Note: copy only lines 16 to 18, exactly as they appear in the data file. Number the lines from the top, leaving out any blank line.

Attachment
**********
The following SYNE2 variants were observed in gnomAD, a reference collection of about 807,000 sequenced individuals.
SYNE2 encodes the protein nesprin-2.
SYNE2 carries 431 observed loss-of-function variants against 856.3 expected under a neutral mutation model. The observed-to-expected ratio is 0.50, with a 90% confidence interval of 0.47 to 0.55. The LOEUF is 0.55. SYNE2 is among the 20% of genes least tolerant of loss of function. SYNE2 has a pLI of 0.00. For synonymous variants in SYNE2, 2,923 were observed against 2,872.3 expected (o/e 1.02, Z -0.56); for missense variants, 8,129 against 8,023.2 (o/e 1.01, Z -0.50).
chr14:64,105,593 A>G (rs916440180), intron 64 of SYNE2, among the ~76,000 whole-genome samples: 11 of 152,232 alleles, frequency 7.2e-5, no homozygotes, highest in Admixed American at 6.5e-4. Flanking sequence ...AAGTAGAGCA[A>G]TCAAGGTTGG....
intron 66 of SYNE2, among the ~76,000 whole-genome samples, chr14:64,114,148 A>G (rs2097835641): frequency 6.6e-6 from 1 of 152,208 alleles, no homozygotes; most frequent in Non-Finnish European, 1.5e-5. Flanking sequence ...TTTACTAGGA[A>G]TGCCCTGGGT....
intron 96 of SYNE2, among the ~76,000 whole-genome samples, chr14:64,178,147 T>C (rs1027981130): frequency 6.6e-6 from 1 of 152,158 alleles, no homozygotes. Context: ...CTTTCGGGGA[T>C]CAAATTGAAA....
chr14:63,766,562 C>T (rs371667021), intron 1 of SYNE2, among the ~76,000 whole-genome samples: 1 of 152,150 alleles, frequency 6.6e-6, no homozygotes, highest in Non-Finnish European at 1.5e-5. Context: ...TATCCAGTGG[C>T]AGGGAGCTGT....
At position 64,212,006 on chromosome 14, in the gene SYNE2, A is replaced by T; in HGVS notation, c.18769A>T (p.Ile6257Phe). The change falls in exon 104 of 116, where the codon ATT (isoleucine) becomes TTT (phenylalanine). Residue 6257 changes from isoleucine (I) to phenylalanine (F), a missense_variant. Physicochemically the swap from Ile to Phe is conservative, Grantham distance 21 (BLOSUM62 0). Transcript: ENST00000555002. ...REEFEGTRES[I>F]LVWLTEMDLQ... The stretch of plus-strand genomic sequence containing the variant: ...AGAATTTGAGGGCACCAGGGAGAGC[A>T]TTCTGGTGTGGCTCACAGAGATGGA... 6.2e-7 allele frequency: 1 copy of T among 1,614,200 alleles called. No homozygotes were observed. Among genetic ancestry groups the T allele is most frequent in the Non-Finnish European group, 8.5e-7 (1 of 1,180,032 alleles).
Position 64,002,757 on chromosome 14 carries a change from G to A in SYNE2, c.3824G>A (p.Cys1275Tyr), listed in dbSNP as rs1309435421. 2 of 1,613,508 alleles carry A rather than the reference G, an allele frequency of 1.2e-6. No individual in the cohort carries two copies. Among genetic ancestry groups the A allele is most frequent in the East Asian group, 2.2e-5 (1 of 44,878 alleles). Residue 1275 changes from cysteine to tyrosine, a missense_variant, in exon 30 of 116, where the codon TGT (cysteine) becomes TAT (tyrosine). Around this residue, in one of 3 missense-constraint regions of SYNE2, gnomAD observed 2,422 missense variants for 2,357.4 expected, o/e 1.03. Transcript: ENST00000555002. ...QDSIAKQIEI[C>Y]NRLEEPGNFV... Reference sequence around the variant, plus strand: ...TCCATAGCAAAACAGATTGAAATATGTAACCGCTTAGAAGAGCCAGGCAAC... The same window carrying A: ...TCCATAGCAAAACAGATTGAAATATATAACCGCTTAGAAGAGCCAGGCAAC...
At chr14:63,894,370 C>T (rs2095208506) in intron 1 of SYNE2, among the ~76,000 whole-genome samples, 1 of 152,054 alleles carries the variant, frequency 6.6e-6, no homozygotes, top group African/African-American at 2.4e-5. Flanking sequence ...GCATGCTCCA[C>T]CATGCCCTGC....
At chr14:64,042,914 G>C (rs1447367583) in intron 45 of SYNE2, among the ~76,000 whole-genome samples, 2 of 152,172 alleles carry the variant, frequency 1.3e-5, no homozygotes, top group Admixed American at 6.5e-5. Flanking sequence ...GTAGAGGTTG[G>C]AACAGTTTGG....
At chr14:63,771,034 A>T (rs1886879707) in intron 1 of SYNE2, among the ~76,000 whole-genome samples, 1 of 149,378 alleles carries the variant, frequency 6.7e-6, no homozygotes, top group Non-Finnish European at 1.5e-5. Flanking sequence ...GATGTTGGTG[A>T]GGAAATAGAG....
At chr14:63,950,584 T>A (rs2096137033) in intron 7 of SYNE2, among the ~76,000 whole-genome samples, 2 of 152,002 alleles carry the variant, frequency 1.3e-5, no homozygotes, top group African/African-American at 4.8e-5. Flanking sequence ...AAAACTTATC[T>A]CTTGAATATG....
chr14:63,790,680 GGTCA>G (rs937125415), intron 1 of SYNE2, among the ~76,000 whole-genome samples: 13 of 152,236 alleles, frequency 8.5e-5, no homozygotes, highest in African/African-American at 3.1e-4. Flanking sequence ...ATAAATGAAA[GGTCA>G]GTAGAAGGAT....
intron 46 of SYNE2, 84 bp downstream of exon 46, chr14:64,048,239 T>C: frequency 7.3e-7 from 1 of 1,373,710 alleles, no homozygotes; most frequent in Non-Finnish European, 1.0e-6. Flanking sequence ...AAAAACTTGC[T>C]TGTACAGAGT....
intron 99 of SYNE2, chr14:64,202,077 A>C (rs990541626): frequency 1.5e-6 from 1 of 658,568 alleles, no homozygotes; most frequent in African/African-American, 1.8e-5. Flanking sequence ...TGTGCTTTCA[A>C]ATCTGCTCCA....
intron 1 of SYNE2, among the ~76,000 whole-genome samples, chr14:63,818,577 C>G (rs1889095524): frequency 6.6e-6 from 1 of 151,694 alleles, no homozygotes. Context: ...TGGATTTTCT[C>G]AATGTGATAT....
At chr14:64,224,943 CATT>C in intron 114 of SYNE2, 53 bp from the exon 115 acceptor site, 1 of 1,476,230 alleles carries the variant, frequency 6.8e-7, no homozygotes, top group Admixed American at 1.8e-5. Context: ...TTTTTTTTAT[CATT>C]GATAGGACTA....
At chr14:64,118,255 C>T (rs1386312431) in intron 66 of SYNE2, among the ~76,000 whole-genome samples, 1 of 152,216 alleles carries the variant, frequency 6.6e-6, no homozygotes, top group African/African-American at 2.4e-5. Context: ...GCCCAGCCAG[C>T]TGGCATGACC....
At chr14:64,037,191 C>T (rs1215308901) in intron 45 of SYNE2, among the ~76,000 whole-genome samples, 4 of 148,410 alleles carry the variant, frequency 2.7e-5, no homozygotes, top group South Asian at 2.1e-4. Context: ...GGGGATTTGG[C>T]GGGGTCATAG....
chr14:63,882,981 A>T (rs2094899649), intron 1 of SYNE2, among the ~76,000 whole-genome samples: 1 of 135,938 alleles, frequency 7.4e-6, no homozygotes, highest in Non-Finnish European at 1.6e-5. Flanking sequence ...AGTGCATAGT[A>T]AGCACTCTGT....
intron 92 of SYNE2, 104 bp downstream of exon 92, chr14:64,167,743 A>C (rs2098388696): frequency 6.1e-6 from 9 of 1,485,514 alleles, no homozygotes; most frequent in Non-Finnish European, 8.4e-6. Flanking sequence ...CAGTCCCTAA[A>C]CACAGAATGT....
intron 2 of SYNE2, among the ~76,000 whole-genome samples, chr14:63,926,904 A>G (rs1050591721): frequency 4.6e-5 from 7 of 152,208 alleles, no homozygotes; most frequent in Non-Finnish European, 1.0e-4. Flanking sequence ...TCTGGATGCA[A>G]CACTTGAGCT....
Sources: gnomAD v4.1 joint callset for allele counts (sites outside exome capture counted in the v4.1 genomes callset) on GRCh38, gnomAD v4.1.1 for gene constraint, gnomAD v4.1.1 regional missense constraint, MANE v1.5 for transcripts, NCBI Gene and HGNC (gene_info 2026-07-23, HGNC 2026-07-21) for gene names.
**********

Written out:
intron 99 of SYNE2, chr14:64,202,077 A>C (rs990541626): frequency 1.5e-6 from 1 of 658,568 alleles, no homozygotes; most frequent in African/African-American, 1.8e-5. Flanking sequence ...TGTGCTTTCA[A>C]ATCTGCTCCA....
intron 1 of SYNE2, among the ~76,000 whole-genome samples, chr14:63,818,577 C>G (rs1889095524): frequency 6.6e-6 from 1 of 151,694 alleles, no homozygotes. Context: ...TGGATTTTCT[C>G]AATGTGATAT....
At chr14:64,224,943 CATT>C in intron 114 of SYNE2, 53 bp from the exon 115 acceptor site, 1 of 1,476,230 alleles carries the variant, frequency 6.8e-7, no homozygotes, top group Admixed American at 1.8e-5. Context: ...TTTTTTTTAT[CATT>C]GATAGGACTA....